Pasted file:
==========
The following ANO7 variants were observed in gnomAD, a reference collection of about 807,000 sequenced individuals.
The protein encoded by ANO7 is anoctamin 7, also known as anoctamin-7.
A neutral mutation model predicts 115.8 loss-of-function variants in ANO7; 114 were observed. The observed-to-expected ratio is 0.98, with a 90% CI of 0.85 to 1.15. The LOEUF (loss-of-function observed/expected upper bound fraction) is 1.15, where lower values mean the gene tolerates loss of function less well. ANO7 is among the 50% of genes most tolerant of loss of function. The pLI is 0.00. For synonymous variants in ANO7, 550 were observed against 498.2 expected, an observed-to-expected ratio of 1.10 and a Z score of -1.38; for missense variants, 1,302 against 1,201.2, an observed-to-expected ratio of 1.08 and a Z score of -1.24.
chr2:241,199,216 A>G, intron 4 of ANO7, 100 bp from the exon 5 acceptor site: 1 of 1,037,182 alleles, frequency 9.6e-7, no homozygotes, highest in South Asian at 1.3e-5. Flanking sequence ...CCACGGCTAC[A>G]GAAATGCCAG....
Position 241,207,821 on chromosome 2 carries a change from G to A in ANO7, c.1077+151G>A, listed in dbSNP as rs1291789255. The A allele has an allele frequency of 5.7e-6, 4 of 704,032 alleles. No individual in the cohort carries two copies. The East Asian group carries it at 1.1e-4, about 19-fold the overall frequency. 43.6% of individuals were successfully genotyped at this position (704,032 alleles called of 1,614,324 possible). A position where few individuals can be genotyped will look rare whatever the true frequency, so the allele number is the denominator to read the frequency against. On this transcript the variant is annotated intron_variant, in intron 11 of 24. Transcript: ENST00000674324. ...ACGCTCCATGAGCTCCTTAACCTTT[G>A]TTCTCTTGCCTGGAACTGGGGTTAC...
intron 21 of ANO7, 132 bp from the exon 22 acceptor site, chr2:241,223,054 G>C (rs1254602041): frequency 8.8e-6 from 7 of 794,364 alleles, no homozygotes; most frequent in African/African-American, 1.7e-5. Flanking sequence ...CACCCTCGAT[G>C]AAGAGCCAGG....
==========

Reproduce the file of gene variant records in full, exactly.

The following ANO7 variants were observed in gnomAD, a reference collection of about 807,000 sequenced individuals.
The protein encoded by ANO7 is anoctamin 7, also known as anoctamin-7.
A neutral mutation model predicts 115.8 loss-of-function variants in ANO7; 114 were observed. The observed-to-expected ratio is 0.98, with a 90% CI of 0.85 to 1.15. The LOEUF (loss-of-function observed/expected upper bound fraction) is 1.15, where lower values mean the gene tolerates loss of function less well. ANO7 is among the 50% of genes most tolerant of loss of function. The pLI is 0.00. For synonymous variants in ANO7, 550 were observed against 498.2 expected, an observed-to-expected ratio of 1.10 and a Z score of -1.38; for missense variants, 1,302 against 1,201.2, an observed-to-expected ratio of 1.08 and a Z score of -1.24.
chr2:241,199,216 A>G, intron 4 of ANO7, 100 bp from the exon 5 acceptor site: 1 of 1,037,182 alleles, frequency 9.6e-7, no homozygotes, highest in South Asian at 1.3e-5. Flanking sequence ...CCACGGCTAC[A>G]GAAATGCCAG....
Position 241,207,821 on chromosome 2 carries a change from G to A in ANO7, c.1077+151G>A, listed in dbSNP as rs1291789255. The A allele has an allele frequency of 5.7e-6, 4 of 704,032 alleles. No individual in the cohort carries two copies. The East Asian group carries it at 1.1e-4, about 19-fold the overall frequency. 43.6% of individuals were successfully genotyped at this position (704,032 alleles called of 1,614,324 possible). A position where few individuals can be genotyped will look rare whatever the true frequency, so the allele number is the denominator to read the frequency against. On this transcript the variant is annotated intron_variant, in intron 11 of 24. Transcript: ENST00000674324. ...ACGCTCCATGAGCTCCTTAACCTTT[G>A]TTCTCTTGCCTGGAACTGGGGTTAC...
intron 21 of ANO7, 132 bp from the exon 22 acceptor site, chr2:241,223,054 G>C (rs1254602041): frequency 8.8e-6 from 7 of 794,364 alleles, no homozygotes; most frequent in African/African-American, 1.7e-5. Flanking sequence ...CACCCTCGAT[G>C]AAGAGCCAGG....